Daydream More -It Works Out Your Mind
Tips on “resting your mind” are becoming a noticeably important in our busy lifestyles.
We are urged to rest our brain whether that means having an hour a day free of technology, taking up yoga or transcendental meditation.
A thought springs to mind – what is the criteria for determining if the mind is at rest? What are the causes for the inconsistency of peoples experiences of mental “rest”? And is there a way to widen up the methods that are used to find mental rest in our everyday busy lives?
Neuroscientists have been debating about what “rest” means to the human mind. If you decided to volunteer for a cognitive neuroscience experiment, you would most likely be put into a magnetic resonance imaging (MRI) scanner and would be told to just relax and do nothing in between psychological tasks whilst being monitored by a cross-hair. This cross-hair is the method used by cognitive neuroscientists to access the brain and mind’s state of rest.
“Little over a decade ago, mental activity during a phase of cross-hair fixation was treated simply as the baseline. The assumption was that the mind would rev up and out of its idling state in order to complete the tasks it was being set, and its activity could then be measured against this dormant “baseline” state.”
However over the last ten years the understanding of the resting state has undergone great transformation. Experiments have revealed that different parts of the brain display extraordinarily coordinated patterns of activity “at rest” and that different regions in the brain are consistently more rather than less active when a person is told to “do nothing”.
Think of your own mental experiences whilst you are not paying any attention to the world around or “doing nothing” and you will observe that when we are day dreaming we could be doing many complex things. Whether it would be imagining the future or what your next meal will taste like.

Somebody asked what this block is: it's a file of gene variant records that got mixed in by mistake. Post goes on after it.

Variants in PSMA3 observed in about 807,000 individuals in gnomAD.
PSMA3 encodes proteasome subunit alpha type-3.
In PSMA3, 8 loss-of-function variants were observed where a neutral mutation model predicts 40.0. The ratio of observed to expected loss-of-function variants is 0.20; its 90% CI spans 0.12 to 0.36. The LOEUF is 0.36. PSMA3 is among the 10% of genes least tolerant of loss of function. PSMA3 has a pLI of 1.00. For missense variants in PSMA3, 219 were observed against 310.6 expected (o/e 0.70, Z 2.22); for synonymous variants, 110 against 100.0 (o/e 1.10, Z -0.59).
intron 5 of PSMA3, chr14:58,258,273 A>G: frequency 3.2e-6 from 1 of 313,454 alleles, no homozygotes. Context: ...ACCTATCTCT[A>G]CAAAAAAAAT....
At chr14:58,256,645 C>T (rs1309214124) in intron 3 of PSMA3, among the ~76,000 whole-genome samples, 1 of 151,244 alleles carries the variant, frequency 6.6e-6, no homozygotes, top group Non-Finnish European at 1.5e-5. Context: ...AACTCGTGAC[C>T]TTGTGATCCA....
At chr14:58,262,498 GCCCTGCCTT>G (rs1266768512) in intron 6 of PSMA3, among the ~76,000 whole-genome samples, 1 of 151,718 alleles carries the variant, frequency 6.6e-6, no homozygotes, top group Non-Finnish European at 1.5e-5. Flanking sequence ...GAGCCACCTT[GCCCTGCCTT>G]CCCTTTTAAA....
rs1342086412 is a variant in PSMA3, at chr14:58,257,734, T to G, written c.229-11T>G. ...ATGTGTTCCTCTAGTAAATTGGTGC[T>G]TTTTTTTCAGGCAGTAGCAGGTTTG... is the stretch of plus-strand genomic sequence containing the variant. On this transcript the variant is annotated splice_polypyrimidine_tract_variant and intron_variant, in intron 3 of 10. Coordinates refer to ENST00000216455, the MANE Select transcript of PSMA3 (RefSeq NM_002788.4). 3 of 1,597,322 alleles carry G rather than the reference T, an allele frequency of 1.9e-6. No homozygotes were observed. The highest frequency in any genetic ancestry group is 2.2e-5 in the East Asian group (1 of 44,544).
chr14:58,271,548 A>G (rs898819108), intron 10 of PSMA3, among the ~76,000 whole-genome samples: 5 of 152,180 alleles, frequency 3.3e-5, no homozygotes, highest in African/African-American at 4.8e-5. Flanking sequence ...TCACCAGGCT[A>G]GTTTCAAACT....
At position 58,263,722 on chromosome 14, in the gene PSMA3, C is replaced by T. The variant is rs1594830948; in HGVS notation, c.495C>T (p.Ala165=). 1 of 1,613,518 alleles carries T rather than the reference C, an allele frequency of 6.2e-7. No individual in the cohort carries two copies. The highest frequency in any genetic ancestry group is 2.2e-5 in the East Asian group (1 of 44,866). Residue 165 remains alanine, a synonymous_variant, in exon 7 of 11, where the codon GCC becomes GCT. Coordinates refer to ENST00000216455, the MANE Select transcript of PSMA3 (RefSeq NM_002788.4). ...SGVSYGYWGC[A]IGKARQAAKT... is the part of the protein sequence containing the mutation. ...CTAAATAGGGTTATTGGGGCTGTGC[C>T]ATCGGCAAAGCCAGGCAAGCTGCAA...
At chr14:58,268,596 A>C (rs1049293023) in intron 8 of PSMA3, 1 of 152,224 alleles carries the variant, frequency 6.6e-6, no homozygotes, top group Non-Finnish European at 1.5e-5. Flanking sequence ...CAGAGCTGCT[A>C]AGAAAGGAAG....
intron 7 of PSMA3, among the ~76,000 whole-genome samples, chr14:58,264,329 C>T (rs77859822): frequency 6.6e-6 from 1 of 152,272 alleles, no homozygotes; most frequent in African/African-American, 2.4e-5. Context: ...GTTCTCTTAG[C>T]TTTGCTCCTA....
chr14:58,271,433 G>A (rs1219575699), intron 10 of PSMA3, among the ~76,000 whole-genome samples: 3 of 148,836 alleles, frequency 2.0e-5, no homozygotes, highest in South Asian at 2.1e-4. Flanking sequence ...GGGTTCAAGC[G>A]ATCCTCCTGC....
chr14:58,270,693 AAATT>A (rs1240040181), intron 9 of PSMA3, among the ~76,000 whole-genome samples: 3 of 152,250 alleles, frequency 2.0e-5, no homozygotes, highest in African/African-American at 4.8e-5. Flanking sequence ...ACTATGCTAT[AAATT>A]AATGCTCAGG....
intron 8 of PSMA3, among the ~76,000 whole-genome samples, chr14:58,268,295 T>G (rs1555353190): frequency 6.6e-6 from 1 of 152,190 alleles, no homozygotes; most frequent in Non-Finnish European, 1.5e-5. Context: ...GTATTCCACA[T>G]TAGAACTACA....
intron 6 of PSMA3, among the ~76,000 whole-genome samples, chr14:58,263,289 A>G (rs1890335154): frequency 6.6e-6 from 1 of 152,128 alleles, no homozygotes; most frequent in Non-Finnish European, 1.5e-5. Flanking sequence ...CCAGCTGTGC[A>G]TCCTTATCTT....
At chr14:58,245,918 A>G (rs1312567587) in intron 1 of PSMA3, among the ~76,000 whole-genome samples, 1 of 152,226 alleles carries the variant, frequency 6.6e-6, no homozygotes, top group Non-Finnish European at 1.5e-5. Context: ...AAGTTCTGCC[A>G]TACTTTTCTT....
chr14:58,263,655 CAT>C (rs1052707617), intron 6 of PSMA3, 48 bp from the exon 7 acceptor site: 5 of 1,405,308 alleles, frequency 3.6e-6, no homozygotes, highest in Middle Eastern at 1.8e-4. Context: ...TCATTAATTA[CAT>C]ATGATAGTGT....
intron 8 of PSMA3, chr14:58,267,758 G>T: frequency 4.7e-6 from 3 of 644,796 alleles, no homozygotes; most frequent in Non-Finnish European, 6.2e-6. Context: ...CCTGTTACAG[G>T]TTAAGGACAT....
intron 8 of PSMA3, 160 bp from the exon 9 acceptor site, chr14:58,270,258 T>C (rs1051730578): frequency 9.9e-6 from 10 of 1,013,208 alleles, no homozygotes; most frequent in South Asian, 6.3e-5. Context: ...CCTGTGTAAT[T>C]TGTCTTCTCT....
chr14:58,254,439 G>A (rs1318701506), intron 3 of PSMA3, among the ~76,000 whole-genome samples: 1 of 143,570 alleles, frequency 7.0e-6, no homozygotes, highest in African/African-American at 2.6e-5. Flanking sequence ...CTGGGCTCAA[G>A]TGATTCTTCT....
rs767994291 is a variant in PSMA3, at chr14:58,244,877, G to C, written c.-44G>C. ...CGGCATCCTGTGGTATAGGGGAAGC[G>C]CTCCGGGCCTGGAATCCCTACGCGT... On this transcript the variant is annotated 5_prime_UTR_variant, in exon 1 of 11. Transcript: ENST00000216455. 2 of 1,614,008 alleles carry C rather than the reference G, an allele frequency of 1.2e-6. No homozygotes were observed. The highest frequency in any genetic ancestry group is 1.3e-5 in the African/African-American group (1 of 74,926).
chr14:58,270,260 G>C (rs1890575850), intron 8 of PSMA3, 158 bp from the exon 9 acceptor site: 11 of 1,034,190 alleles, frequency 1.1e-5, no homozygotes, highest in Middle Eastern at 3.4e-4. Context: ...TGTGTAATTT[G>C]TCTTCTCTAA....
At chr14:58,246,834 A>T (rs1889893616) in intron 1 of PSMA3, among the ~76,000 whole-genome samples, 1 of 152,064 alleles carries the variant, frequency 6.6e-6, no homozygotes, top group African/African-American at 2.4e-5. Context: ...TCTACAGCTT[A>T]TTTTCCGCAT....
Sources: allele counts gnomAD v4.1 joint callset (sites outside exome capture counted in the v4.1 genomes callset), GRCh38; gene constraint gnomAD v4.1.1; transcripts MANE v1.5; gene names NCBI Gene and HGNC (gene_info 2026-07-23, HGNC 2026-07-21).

Daydreaming has been very hard to incorporate into scientific models.
“After all, as soon as one attempts to probe the activity of mind-wandering or daydreaming, one has disturbed the very thing one is trying to study.”
Despite the challenge of such attempts, many researchers including Jonathan Smallwood have attempted to understand the daydreaming state and it’s benefits on our overall psychological attributes. For years most psychologists believed that daydreaming was simply a lapse of attention. Study results show that this is not the case. Daydreaming allows us to go beyond “the here and now”. It has been proven to be an invaluable psychological attribute which helps our creativity, motivation, planning and happiness.
Neuroscientists are working on conducting more experiments to gain a deeper understanding of what exactly happens in our brain when we are daydreaming and whether the new “busier” mental models have advanced because our daily lifestyles have changed.
Today at WriteUpp HQ, we will spend some time daydreaming about sunshine, sandy beaches and cake…
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